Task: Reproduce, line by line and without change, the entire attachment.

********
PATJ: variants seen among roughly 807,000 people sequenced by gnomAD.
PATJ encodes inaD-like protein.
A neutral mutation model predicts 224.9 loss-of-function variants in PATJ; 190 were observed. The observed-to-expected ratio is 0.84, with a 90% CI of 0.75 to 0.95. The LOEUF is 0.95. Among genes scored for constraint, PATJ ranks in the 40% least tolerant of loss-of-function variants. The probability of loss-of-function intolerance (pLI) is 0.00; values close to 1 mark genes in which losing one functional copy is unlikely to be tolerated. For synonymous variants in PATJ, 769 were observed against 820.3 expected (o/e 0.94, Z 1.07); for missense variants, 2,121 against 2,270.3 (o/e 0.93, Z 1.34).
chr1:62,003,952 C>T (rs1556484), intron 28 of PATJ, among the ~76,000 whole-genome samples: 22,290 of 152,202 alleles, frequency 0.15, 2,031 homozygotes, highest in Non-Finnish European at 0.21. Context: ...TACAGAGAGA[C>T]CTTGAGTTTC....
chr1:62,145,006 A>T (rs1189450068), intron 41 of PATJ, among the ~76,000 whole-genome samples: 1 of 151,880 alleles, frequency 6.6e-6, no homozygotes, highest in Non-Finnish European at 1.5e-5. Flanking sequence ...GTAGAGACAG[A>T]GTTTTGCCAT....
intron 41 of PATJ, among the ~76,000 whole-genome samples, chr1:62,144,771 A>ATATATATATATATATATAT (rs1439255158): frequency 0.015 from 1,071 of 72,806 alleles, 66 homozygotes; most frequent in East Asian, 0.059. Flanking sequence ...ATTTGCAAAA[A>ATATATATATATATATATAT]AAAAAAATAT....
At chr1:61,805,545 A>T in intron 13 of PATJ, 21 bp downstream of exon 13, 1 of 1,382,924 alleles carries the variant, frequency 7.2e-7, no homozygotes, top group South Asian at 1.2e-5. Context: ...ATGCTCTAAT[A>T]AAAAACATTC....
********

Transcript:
PATJ: variants seen among roughly 807,000 people sequenced by gnomAD.
PATJ encodes inaD-like protein.
A neutral mutation model predicts 224.9 loss-of-function variants in PATJ; 190 were observed. The observed-to-expected ratio is 0.84, with a 90% CI of 0.75 to 0.95. The LOEUF is 0.95. Among genes scored for constraint, PATJ ranks in the 40% least tolerant of loss-of-function variants. The probability of loss-of-function intolerance (pLI) is 0.00; values close to 1 mark genes in which losing one functional copy is unlikely to be tolerated. For synonymous variants in PATJ, 769 were observed against 820.3 expected (o/e 0.94, Z 1.07); for missense variants, 2,121 against 2,270.3 (o/e 0.93, Z 1.34).
chr1:62,003,952 C>T (rs1556484), intron 28 of PATJ, among the ~76,000 whole-genome samples: 22,290 of 152,202 alleles, frequency 0.15, 2,031 homozygotes, highest in Non-Finnish European at 0.21. Context: ...TACAGAGAGA[C>T]CTTGAGTTTC....
chr1:62,145,006 A>T (rs1189450068), intron 41 of PATJ, among the ~76,000 whole-genome samples: 1 of 151,880 alleles, frequency 6.6e-6, no homozygotes, highest in Non-Finnish European at 1.5e-5. Flanking sequence ...GTAGAGACAG[A>T]GTTTTGCCAT....
intron 41 of PATJ, among the ~76,000 whole-genome samples, chr1:62,144,771 A>ATATATATATATATATATAT (rs1439255158): frequency 0.015 from 1,071 of 72,806 alleles, 66 homozygotes; most frequent in East Asian, 0.059. Flanking sequence ...ATTTGCAAAA[A>ATATATATATATATATATAT]AAAAAAATAT....
At chr1:61,805,545 A>T in intron 13 of PATJ, 21 bp downstream of exon 13, 1 of 1,382,924 alleles carries the variant, frequency 7.2e-7, no homozygotes, top group South Asian at 1.2e-5. Context: ...ATGCTCTAAT[A>T]AAAAACATTC....